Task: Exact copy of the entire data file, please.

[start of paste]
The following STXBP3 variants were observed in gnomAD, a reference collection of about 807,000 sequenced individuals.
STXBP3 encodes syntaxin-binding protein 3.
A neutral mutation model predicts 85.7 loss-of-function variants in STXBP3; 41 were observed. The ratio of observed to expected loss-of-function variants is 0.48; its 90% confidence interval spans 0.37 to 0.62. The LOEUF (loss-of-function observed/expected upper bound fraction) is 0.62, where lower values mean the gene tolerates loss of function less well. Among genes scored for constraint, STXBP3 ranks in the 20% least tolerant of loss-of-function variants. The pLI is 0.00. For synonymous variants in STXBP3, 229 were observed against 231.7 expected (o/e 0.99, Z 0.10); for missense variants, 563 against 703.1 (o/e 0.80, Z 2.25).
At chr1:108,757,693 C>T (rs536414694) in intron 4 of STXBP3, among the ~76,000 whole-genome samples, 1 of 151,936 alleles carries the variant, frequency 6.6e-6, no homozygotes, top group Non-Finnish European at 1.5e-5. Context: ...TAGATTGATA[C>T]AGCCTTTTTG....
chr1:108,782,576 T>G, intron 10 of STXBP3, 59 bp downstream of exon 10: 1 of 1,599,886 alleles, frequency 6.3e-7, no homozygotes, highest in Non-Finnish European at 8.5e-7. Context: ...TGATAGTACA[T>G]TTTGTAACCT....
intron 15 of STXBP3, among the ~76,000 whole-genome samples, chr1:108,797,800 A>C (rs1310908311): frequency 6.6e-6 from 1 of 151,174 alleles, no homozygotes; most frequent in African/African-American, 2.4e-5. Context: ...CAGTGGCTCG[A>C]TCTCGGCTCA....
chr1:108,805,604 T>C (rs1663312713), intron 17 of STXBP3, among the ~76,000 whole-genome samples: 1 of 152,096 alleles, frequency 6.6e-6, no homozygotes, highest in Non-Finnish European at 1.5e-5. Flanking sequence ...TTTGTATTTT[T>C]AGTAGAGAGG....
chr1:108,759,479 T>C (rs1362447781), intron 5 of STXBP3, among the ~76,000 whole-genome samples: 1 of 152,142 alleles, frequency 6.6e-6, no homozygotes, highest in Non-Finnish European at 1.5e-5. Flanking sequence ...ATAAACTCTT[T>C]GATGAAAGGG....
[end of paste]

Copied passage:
The following STXBP3 variants were observed in gnomAD, a reference collection of about 807,000 sequenced individuals.
STXBP3 encodes syntaxin-binding protein 3.
A neutral mutation model predicts 85.7 loss-of-function variants in STXBP3; 41 were observed. The ratio of observed to expected loss-of-function variants is 0.48; its 90% confidence interval spans 0.37 to 0.62. The LOEUF (loss-of-function observed/expected upper bound fraction) is 0.62, where lower values mean the gene tolerates loss of function less well. Among genes scored for constraint, STXBP3 ranks in the 20% least tolerant of loss-of-function variants. The pLI is 0.00. For synonymous variants in STXBP3, 229 were observed against 231.7 expected (o/e 0.99, Z 0.10); for missense variants, 563 against 703.1 (o/e 0.80, Z 2.25).
At chr1:108,757,693 C>T (rs536414694) in intron 4 of STXBP3, among the ~76,000 whole-genome samples, 1 of 151,936 alleles carries the variant, frequency 6.6e-6, no homozygotes, top group Non-Finnish European at 1.5e-5. Context: ...TAGATTGATA[C>T]AGCCTTTTTG....
chr1:108,782,576 T>G, intron 10 of STXBP3, 59 bp downstream of exon 10: 1 of 1,599,886 alleles, frequency 6.3e-7, no homozygotes, highest in Non-Finnish European at 8.5e-7. Context: ...TGATAGTACA[T>G]TTTGTAACCT....
intron 15 of STXBP3, among the ~76,000 whole-genome samples, chr1:108,797,800 A>C (rs1310908311): frequency 6.6e-6 from 1 of 151,174 alleles, no homozygotes; most frequent in African/African-American, 2.4e-5. Context: ...CAGTGGCTCG[A>C]TCTCGGCTCA....
chr1:108,805,604 T>C (rs1663312713), intron 17 of STXBP3, among the ~76,000 whole-genome samples: 1 of 152,096 alleles, frequency 6.6e-6, no homozygotes, highest in Non-Finnish European at 1.5e-5. Flanking sequence ...TTTGTATTTT[T>C]AGTAGAGAGG....
chr1:108,759,479 T>C (rs1362447781), intron 5 of STXBP3, among the ~76,000 whole-genome samples: 1 of 152,142 alleles, frequency 6.6e-6, no homozygotes, highest in Non-Finnish European at 1.5e-5. Flanking sequence ...ATAAACTCTT[T>C]GATGAAAGGG....